In 1580 the great Faroese naval hero and merchant, Magnus Heinason, ordered the construction of a fort, Skansin, to protect the trading post of Tórshavn from the steadily increasing number of seaborne attacks across the North Atlantic, increasingly at the hands of pirates. The original structure only stood until 1677 when French pirates ransacked it over the failure by the Faroese to meet a demand to hand over 100 oxen, 200 sheep, 500 pairs of gloves, 1,200 pairs of stockings and 60 nightshirts within a 12-hour deadline.
Later, Skansin was rebuilt and even served as the local headquarters for Britain’s Royal Navy during World War II. Behind the fort, the two guns which face out to sea were used to defend the Faroes against German attack. Skansin also includes four older brass cannons which date from the time of the Danish Trade Monopoly and a lighthouse.
Although not much remains of the fort today, Skansin still offers exceptional views out over the Atlantic across to the neighbouring island Nólsoy.
7. KONGAMINNIÐ MEMORIAL
The Kongaminnið memorial is a basalt obelisk erected in 1882 to commemorate the visit of Danish king Christian IX’s visit to the Faroe Islands in 1874. It was the first visit to the Faroe Islands by a Danish monarch. From up here, you have a splendid view of the town.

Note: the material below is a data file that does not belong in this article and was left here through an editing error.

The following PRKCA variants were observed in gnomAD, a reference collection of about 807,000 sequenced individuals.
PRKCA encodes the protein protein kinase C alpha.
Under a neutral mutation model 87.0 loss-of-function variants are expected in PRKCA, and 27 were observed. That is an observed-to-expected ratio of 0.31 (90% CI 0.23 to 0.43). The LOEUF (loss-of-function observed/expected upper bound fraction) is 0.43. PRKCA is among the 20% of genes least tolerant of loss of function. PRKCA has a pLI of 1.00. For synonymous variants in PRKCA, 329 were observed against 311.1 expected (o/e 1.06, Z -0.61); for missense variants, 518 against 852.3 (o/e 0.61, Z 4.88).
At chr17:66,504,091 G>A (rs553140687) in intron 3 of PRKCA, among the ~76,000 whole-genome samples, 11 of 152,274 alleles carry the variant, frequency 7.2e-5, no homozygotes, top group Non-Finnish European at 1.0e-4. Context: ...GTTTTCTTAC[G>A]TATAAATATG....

The king’s visit to Tórshavn certainly had its dramatic moments. Tragically, Tórshavn’s mayor fainted during the welcome speech and died on the spot in front of the King and the rest of the crowd. It is said that king Christian IX was greatly affected by this event and supported the Mayor’s widow financially for the rest of her life.
8. VIÐARLUNDIN PARK
Viðarlundin is one of the largest parks in the Faroe Islands.
During the ferocious storm of 1988 many of the trees were uprooted. Today those fallen trees serve as a fun natural playground where both children and adults can climb and explore.
Whilst in the park, take a walk to the see the small pond here which is home to countless ducks and swans or explore the many paths which criss-cross the park whilst listening to the rustling of the wind in the trees – a rare treat in a country where trees are few and far between.
The park is located between Varðagøta, Hoydalsvegur and Gundadalsvegur and the Art Museum of the Faroe Islands is located at the northern edge of the park.
In several places in the park, you can admire a number of beautiful sculptures, including a monument dedicated to the memory of Faroese seamen, who lost their lives at sea during World War II.